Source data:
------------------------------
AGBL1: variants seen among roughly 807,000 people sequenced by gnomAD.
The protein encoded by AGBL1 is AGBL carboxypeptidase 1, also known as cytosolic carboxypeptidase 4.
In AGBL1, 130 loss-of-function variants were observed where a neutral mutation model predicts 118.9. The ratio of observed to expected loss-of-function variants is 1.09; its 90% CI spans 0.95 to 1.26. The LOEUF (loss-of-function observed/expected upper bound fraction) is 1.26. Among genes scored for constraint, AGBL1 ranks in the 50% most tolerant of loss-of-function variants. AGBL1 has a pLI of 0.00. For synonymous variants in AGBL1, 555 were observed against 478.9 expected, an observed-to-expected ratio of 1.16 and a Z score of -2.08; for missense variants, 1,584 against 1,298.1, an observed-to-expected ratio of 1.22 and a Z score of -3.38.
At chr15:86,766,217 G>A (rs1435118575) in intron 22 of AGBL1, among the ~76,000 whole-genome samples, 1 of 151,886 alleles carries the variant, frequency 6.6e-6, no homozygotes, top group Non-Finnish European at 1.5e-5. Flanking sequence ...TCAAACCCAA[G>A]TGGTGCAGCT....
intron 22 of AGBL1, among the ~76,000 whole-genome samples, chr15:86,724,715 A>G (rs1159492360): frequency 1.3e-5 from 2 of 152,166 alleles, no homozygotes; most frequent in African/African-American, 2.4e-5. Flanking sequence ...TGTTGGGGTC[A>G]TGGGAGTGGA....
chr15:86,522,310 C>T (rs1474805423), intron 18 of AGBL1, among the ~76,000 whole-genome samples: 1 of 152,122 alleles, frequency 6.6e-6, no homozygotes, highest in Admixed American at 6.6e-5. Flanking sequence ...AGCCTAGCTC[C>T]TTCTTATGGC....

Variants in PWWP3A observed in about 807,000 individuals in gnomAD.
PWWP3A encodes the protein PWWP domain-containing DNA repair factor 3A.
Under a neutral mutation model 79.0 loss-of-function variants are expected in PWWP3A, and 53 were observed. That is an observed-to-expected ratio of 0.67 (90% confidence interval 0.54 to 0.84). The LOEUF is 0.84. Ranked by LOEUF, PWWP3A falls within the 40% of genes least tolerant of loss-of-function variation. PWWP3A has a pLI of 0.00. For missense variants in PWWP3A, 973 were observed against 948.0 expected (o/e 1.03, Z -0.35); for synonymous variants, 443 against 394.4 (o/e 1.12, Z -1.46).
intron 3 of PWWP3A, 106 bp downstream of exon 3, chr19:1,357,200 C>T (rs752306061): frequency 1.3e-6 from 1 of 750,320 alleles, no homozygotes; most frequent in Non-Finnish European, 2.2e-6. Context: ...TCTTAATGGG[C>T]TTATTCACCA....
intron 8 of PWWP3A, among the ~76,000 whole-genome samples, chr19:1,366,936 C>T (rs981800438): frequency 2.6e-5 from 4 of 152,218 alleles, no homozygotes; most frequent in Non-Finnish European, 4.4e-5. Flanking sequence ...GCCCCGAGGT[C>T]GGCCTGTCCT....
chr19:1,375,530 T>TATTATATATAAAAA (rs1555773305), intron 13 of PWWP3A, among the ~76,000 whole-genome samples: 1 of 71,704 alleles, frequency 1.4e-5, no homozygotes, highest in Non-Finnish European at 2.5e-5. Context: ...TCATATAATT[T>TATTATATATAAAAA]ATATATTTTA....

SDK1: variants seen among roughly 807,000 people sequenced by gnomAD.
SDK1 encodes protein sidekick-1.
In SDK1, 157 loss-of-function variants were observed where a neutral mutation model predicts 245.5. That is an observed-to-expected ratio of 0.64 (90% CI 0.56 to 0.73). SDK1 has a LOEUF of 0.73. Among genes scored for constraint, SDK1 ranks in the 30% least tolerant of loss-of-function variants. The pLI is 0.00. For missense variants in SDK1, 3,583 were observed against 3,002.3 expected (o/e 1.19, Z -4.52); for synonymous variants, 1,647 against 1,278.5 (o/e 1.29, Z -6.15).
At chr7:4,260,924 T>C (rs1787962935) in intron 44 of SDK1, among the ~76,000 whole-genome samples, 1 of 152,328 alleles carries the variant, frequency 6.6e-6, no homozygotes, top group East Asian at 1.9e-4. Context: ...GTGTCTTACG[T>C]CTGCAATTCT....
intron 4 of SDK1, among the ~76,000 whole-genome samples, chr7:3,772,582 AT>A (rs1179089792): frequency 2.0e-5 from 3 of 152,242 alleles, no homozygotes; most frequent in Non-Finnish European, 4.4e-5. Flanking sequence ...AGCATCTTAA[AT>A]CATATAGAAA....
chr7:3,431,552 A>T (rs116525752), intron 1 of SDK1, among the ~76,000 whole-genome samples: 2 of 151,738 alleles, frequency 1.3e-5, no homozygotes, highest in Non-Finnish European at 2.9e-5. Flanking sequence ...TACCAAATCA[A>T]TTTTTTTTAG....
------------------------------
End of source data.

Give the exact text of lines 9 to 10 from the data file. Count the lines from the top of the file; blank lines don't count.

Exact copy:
Under a neutral mutation model 79.0 loss-of-function variants are expected in PWWP3A, and 53 were observed. That is an observed-to-expected ratio of 0.67 (90% confidence interval 0.54 to 0.84). The LOEUF is 0.84. Ranked by LOEUF, PWWP3A falls within the 40% of genes least tolerant of loss-of-function variation. PWWP3A has a pLI of 0.00. For missense variants in PWWP3A, 973 were observed against 948.0 expected (o/e 1.03, Z -0.35); for synonymous variants, 443 against 394.4 (o/e 1.12, Z -1.46).
intron 3 of PWWP3A, 106 bp downstream of exon 3, chr19:1,357,200 C>T (rs752306061): frequency 1.3e-6 from 1 of 750,320 alleles, no homozygotes; most frequent in Non-Finnish European, 2.2e-6. Context: ...TCTTAATGGG[C>T]TTATTCACCA....